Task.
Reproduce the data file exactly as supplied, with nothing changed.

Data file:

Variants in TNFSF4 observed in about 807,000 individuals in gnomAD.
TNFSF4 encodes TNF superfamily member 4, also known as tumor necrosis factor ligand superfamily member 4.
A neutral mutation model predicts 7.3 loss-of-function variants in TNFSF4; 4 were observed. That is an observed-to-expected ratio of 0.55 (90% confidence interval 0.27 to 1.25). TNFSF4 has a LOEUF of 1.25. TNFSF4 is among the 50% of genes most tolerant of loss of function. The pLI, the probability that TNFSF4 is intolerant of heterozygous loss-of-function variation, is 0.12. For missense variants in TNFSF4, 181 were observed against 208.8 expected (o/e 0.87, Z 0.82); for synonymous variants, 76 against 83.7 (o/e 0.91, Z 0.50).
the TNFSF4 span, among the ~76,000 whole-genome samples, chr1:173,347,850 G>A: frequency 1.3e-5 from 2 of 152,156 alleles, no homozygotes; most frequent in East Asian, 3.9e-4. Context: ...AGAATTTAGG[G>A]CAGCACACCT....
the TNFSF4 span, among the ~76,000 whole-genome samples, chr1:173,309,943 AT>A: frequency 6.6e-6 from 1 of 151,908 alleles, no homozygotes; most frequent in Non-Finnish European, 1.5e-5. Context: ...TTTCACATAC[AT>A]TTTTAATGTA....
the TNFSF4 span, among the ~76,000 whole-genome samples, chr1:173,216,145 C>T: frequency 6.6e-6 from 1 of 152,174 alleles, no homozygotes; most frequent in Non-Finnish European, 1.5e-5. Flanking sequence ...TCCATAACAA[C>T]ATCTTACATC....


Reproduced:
Variants in TNFSF4 observed in about 807,000 individuals in gnomAD.
TNFSF4 encodes TNF superfamily member 4, also known as tumor necrosis factor ligand superfamily member 4.
A neutral mutation model predicts 7.3 loss-of-function variants in TNFSF4; 4 were observed. That is an observed-to-expected ratio of 0.55 (90% confidence interval 0.27 to 1.25). TNFSF4 has a LOEUF of 1.25. TNFSF4 is among the 50% of genes most tolerant of loss of function. The pLI, the probability that TNFSF4 is intolerant of heterozygous loss-of-function variation, is 0.12. For missense variants in TNFSF4, 181 were observed against 208.8 expected (o/e 0.87, Z 0.82); for synonymous variants, 76 against 83.7 (o/e 0.91, Z 0.50).
the TNFSF4 span, among the ~76,000 whole-genome samples, chr1:173,347,850 G>A: frequency 1.3e-5 from 2 of 152,156 alleles, no homozygotes; most frequent in East Asian, 3.9e-4. Context: ...AGAATTTAGG[G>A]CAGCACACCT....
the TNFSF4 span, among the ~76,000 whole-genome samples, chr1:173,309,943 AT>A: frequency 6.6e-6 from 1 of 151,908 alleles, no homozygotes; most frequent in Non-Finnish European, 1.5e-5. Context: ...TTTCACATAC[AT>A]TTTTAATGTA....
the TNFSF4 span, among the ~76,000 whole-genome samples, chr1:173,216,145 C>T: frequency 6.6e-6 from 1 of 152,174 alleles, no homozygotes; most frequent in Non-Finnish European, 1.5e-5. Flanking sequence ...TCCATAACAA[C>T]ATCTTACATC....